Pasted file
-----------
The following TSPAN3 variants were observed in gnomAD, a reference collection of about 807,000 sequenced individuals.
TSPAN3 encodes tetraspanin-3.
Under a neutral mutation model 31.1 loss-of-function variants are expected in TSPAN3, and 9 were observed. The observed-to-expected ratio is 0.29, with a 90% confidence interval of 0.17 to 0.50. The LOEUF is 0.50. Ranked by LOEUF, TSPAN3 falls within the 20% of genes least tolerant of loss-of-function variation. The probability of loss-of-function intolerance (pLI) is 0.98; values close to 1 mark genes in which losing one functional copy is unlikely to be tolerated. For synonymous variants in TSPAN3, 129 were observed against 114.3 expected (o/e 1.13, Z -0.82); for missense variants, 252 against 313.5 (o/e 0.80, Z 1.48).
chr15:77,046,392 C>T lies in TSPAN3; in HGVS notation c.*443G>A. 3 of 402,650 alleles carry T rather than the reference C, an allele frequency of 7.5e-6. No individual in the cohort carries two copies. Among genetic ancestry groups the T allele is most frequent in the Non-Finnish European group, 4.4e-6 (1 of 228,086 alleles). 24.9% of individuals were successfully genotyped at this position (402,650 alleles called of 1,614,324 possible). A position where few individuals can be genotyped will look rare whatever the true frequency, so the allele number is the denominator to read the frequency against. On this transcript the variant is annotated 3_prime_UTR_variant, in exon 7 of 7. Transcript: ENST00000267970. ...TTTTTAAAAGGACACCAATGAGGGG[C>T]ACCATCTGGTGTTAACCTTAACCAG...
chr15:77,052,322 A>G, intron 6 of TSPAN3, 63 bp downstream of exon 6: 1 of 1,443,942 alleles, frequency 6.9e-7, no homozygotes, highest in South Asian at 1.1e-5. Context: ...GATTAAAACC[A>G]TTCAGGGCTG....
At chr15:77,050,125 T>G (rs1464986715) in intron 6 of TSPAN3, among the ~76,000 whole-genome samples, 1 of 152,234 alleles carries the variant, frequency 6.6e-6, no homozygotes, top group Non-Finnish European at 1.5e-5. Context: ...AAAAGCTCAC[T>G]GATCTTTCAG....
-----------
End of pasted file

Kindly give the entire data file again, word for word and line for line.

The following TSPAN3 variants were observed in gnomAD, a reference collection of about 807,000 sequenced individuals.
TSPAN3 encodes tetraspanin-3.
Under a neutral mutation model 31.1 loss-of-function variants are expected in TSPAN3, and 9 were observed. The observed-to-expected ratio is 0.29, with a 90% confidence interval of 0.17 to 0.50. The LOEUF is 0.50. Ranked by LOEUF, TSPAN3 falls within the 20% of genes least tolerant of loss-of-function variation. The probability of loss-of-function intolerance (pLI) is 0.98; values close to 1 mark genes in which losing one functional copy is unlikely to be tolerated. For synonymous variants in TSPAN3, 129 were observed against 114.3 expected (o/e 1.13, Z -0.82); for missense variants, 252 against 313.5 (o/e 0.80, Z 1.48).
chr15:77,046,392 C>T lies in TSPAN3; in HGVS notation c.*443G>A. 3 of 402,650 alleles carry T rather than the reference C, an allele frequency of 7.5e-6. No individual in the cohort carries two copies. Among genetic ancestry groups the T allele is most frequent in the Non-Finnish European group, 4.4e-6 (1 of 228,086 alleles). 24.9% of individuals were successfully genotyped at this position (402,650 alleles called of 1,614,324 possible). A position where few individuals can be genotyped will look rare whatever the true frequency, so the allele number is the denominator to read the frequency against. On this transcript the variant is annotated 3_prime_UTR_variant, in exon 7 of 7. Transcript: ENST00000267970. ...TTTTTAAAAGGACACCAATGAGGGG[C>T]ACCATCTGGTGTTAACCTTAACCAG...
chr15:77,052,322 A>G, intron 6 of TSPAN3, 63 bp downstream of exon 6: 1 of 1,443,942 alleles, frequency 6.9e-7, no homozygotes, highest in South Asian at 1.1e-5. Context: ...GATTAAAACC[A>G]TTCAGGGCTG....
At chr15:77,050,125 T>G (rs1464986715) in intron 6 of TSPAN3, among the ~76,000 whole-genome samples, 1 of 152,234 alleles carries the variant, frequency 6.6e-6, no homozygotes, top group Non-Finnish European at 1.5e-5. Context: ...AAAAGCTCAC[T>G]GATCTTTCAG....